For many, the failures of the struggle against sexual crime translate into a daily, ongoing nightmare. The MILEAD Fellows of the Moremi Initiative for Women’s Leadership in Africa stand in solidarity and sympathy with victims and survivors of these crimes all over the world, particularly the woman who so tragically lost her life following her brutal gang rape in New Delhi just recently. We choose not to be silent in the aftermath of this particular case precisely because it is geographically removed. We are all connected.
The world was shocked that the rape of this 23-year-old student occurred on a moving bus. The latest news, among other responses, is that it may soon be required that buses remove all tinted windows and also light their interior spaces at night so as to increase their visibility. While these proposed measures will undoubtedly be useful, the problem cannot simply be addressed at such a superficial level. It will not be enough.
What some may not know is that in the Democratic Republic of Congo, rape has occurred in broad daylight: on trains, buses, and streets; because when enough lawmakers and enforcers turn a blind eye, when society is desensitised to the horrors of any crime, a public location is no longer a deterrent to its taking place. And even if all public rape ceased, an injustice committed in private is still an injustice and must be addressed. And while it is important that policy changes are made to increase law enforcement and survivor support, there is only so much that can be done from the policy level to prevent the crime itself. The DRC has been referred to as the rape capital of the world, but any nation can earn that title if insufficient attention is paid by all citizens to rape within its borders.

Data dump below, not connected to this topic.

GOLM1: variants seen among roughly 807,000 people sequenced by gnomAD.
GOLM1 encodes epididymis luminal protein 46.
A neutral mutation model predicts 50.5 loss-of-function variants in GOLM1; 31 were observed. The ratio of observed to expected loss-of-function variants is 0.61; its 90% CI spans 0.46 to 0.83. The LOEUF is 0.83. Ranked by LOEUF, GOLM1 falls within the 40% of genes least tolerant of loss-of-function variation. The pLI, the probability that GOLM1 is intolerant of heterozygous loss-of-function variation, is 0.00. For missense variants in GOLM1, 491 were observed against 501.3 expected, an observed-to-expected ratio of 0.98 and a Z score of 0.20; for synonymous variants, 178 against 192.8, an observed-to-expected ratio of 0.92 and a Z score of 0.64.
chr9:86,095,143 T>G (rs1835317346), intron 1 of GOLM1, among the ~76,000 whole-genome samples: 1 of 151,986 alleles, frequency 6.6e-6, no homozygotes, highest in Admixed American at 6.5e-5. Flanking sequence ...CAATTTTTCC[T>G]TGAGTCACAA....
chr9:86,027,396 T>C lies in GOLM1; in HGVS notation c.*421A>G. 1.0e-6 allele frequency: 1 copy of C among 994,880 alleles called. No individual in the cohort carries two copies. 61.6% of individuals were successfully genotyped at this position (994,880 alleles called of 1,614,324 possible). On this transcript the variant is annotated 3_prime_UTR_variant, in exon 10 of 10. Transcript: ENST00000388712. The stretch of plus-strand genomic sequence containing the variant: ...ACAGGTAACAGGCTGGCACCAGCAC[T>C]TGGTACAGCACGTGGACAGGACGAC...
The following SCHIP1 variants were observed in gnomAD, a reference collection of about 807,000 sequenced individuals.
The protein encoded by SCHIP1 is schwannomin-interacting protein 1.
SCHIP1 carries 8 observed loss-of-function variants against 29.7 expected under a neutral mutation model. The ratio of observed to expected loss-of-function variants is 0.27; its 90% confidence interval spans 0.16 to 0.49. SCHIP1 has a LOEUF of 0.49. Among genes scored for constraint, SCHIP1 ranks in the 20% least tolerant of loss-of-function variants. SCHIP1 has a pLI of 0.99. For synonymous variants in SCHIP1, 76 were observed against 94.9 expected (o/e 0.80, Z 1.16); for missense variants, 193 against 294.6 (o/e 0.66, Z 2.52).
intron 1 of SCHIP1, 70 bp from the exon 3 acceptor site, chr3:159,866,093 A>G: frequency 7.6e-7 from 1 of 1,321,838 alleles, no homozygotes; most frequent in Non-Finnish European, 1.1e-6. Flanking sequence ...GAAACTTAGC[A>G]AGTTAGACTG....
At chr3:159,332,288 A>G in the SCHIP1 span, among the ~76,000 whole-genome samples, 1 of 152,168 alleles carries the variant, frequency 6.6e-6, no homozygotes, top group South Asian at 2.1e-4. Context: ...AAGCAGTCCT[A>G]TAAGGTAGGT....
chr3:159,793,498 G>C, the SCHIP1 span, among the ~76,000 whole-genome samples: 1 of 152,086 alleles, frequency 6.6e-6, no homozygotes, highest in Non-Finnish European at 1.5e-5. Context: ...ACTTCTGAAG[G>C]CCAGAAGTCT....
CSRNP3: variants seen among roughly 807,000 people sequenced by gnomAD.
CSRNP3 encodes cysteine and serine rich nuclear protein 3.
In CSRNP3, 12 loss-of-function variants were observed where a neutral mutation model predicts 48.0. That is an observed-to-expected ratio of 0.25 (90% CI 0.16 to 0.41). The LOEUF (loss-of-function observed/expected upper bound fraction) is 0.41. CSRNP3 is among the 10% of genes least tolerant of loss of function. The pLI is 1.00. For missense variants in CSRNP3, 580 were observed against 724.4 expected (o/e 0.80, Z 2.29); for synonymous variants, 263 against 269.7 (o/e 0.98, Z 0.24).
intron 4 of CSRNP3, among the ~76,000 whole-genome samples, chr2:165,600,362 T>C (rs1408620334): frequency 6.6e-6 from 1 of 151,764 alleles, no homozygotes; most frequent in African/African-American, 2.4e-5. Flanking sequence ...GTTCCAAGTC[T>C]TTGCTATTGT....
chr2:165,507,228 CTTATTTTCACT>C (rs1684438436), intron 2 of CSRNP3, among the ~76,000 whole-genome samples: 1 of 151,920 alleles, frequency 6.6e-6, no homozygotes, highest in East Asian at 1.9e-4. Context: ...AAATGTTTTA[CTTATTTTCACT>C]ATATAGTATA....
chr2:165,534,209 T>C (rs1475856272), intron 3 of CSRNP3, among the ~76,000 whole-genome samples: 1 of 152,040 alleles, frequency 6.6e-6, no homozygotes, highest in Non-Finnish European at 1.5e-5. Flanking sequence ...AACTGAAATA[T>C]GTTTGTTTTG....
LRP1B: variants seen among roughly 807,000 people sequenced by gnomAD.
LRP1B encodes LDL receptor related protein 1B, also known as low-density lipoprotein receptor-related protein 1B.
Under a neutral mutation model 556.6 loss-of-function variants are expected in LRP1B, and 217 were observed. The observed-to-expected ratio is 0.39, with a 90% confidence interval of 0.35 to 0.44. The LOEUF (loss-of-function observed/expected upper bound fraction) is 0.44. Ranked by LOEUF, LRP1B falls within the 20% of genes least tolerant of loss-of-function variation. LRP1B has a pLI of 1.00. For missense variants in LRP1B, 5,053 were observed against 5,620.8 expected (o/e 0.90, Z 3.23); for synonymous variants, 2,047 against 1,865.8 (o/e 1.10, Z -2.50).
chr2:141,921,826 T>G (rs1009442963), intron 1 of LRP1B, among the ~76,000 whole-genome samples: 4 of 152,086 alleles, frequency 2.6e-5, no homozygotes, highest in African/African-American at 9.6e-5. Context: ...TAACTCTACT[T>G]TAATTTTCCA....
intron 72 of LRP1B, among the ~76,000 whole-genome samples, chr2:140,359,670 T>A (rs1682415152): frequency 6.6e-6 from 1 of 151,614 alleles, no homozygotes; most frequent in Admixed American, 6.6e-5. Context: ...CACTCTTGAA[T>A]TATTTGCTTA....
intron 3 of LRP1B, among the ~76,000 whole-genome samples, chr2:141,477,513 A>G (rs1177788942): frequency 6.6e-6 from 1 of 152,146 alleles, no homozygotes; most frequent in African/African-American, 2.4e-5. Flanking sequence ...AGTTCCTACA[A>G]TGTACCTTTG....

A more subtle dimension of the problem is a continued choice of all manner of society members to ignore the troubling gender inequality that has managed to instill itself in culture, family discourse, informal institutions, and even language. Some of these scattered factors may actually be roots of the terrible and destructive acts in question. Also, men are not the only ones culpable at this level, just as they are not the only ones who rape. Women themselves have been guilty of harbouring and expressing ideas that, when unpacked, may all too clearly link to the oppression of their own sex.
There is no such thing as a partial solution to ending the violence that took an innocent young student away from us on 28th December, 2012. Everyone must take action. If no one is taught at home and in the most basic arenas of society that women are inherently as valuable as men, what is to prevent someone from assigning worth on an arbitrary basis, to suit his or her current “needs” (Once again looking at the DRC, women can be perpetrators, and men can be victims)? It is also important to note that gender equality does not serve women alone, neither does it solely address gender-based subjects. Gender equality says that we are all equal because we are equally valuable, to be respected to an equally high degree.
Let us address these issues at their core and ensure that we are on the correct path to change. True proponents of change in India, we stand with you.
With deepest sympathy and support,
Tayo Adjapon-Yamoah, 2012 MILEAD Fellow